11. Bottled beer
We of course encourage responsible drinking here at MoneySuperMarket, but bottled beers in bars, clubs and pubs often cost almost as much as a full pint of draught beer, meaning you get around half the drink at almost the same price. Go for a half instead, or get a pint and pace yourself.
12. Packaged accounts with useless benefits
If you’re paying for your bank account but not using its benefits, such as free travel insurance and breakdown cover, you may be wasting your money. There are plenty of free accounts out there, and switching only takes a week. My article here will help you weigh up the pros and cons of packaged accounts.
13. Smartphone contracts
My phone costs £230 when bought directly from the manufacturer. On a contract, over two years, however, it’s cost me £360. It’s always cheaper to buy a phone SIM-free, upfront, if possible - and then get a SIM-only deal. You can get cash towards a new handset by recycling your old one.
Who doesn’t love a good book? The thing is; you can still borrow from your local library for free – so it’s not always necessary to buy books.
If you have a Kindle eReader and you’re signed up to Amazon Prime, you can borrow one book per month, from a library of more than 350,000 titles, for free. Amazon also offers free samples of many books, giving you up to three chapters to decide whether or not a book is worth buying.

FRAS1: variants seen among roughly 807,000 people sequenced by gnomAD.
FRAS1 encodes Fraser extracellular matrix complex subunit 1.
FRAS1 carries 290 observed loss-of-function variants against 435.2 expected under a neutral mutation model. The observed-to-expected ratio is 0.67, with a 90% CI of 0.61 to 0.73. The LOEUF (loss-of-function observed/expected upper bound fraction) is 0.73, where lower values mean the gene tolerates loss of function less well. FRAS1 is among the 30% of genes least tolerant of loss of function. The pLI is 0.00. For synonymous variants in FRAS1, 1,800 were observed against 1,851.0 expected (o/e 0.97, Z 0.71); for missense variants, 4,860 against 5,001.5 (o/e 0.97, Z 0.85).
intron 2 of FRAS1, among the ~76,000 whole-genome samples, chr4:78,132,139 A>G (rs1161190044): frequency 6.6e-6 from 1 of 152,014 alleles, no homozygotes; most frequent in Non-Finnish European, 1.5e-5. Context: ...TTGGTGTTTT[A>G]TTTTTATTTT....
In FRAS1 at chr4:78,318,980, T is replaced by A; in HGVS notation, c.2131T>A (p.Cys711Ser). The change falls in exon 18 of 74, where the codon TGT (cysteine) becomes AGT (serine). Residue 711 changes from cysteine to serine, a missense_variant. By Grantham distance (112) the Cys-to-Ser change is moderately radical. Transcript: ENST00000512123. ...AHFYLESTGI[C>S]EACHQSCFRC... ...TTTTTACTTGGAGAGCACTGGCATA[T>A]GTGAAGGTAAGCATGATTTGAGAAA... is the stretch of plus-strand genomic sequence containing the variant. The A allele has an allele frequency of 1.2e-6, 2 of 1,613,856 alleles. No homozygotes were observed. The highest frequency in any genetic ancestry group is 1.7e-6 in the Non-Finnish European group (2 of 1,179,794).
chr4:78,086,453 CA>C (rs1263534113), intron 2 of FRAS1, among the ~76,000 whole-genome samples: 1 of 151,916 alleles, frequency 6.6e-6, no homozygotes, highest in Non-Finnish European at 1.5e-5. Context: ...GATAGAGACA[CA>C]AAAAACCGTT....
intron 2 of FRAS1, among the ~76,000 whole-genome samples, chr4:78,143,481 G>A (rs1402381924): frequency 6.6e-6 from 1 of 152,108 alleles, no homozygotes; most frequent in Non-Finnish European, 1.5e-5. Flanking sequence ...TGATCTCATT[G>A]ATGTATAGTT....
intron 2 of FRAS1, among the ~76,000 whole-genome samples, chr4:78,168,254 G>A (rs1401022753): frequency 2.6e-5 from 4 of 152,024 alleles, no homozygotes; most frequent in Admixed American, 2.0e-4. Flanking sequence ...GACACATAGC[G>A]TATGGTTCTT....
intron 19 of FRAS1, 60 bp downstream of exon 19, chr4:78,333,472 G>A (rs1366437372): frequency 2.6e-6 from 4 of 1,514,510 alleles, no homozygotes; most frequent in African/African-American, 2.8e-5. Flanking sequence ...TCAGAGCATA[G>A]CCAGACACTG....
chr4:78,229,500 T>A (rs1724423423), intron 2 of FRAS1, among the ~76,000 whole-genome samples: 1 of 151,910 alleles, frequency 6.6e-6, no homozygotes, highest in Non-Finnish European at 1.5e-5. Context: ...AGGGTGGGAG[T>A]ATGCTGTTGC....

15. New cars
The new ’14 plates will be arriving in car showrooms around the country in a couple of weeks’ time, and will lose value the moment they’re driven off the forecourt. Remember that the prices of new cars are pumped up by VAT at 20% and by the dealer’s overheads. Buy nearly-new instead.
16. Automatically buying your music from iTunes
If you’re an iPhone, iPad or iPod user, you probably buy your digital music via the iTunes store on your device, which means you may be wasting money.
A study by American website dealnews.com last year found Amazon to be cheaper than iTunes for downloads 78% of the time. It also found albums were around 35p cheaper on Google Play.
17. Throwing away leftovers
Use your leftovers from one meal as part of a meal the next day; it’s a very simple way to save money. Search for recipes online and get creative with it, or try the Love Food Hate Waste app, available on Android and iOS.
18. Driving walkable distances
If you can comfortably walk to and from a nearby destination, leave the car at home and save the fuel.
19. Being on anything but the cheapest energy tariff
Unlike some services, where you might choose to pay more for a better quality product, energy is energy, regardless of what you pay for it. There’s no reason for not being on the absolute cheapest energy deal at all times.
At the moment, that deal is the Ovo Energy Cheaper Energy Fixed tariff, with an average annual bill of £1,014.74. Head over to our energy channel to switch suppliers now.
20. Not using your ISA allowance
If you have money in savings but haven’t yet used your full ISA allowance for the year, you’re wasting money because you’ll be taxed on the returns. With savings, an ISA should always be your first port of call. Only when you’ve maxed out your allowance should you start on a standard, taxable savings account.
You have around six weeks left to use your 2013/14 allowance of £11,520, up to half of which can go into a cash ISA. Visit our ISA hub for more information.